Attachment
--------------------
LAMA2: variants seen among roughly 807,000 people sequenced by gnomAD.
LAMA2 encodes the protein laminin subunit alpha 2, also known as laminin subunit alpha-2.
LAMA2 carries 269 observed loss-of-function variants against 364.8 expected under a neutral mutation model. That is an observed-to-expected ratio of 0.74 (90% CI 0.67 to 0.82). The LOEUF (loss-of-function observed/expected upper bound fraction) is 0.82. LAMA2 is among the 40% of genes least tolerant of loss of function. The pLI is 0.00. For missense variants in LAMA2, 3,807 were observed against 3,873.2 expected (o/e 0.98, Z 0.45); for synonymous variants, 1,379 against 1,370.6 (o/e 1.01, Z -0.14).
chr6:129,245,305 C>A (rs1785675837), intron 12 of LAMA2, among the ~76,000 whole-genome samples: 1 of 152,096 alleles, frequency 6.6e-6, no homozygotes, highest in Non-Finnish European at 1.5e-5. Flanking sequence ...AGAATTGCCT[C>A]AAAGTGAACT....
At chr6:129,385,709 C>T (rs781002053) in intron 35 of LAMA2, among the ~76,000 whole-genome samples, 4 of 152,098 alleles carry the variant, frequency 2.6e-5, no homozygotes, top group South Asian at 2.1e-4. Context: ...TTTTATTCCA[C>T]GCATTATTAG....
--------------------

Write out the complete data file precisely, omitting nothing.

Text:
LAMA2: variants seen among roughly 807,000 people sequenced by gnomAD.
LAMA2 encodes the protein laminin subunit alpha 2, also known as laminin subunit alpha-2.
LAMA2 carries 269 observed loss-of-function variants against 364.8 expected under a neutral mutation model. That is an observed-to-expected ratio of 0.74 (90% CI 0.67 to 0.82). The LOEUF (loss-of-function observed/expected upper bound fraction) is 0.82. LAMA2 is among the 40% of genes least tolerant of loss of function. The pLI is 0.00. For missense variants in LAMA2, 3,807 were observed against 3,873.2 expected (o/e 0.98, Z 0.45); for synonymous variants, 1,379 against 1,370.6 (o/e 1.01, Z -0.14).
chr6:129,245,305 C>A (rs1785675837), intron 12 of LAMA2, among the ~76,000 whole-genome samples: 1 of 152,096 alleles, frequency 6.6e-6, no homozygotes, highest in Non-Finnish European at 1.5e-5. Flanking sequence ...AGAATTGCCT[C>A]AAAGTGAACT....
At chr6:129,385,709 C>T (rs781002053) in intron 35 of LAMA2, among the ~76,000 whole-genome samples, 4 of 152,098 alleles carry the variant, frequency 2.6e-5, no homozygotes, top group South Asian at 2.1e-4. Context: ...TTTTATTCCA[C>T]GCATTATTAG....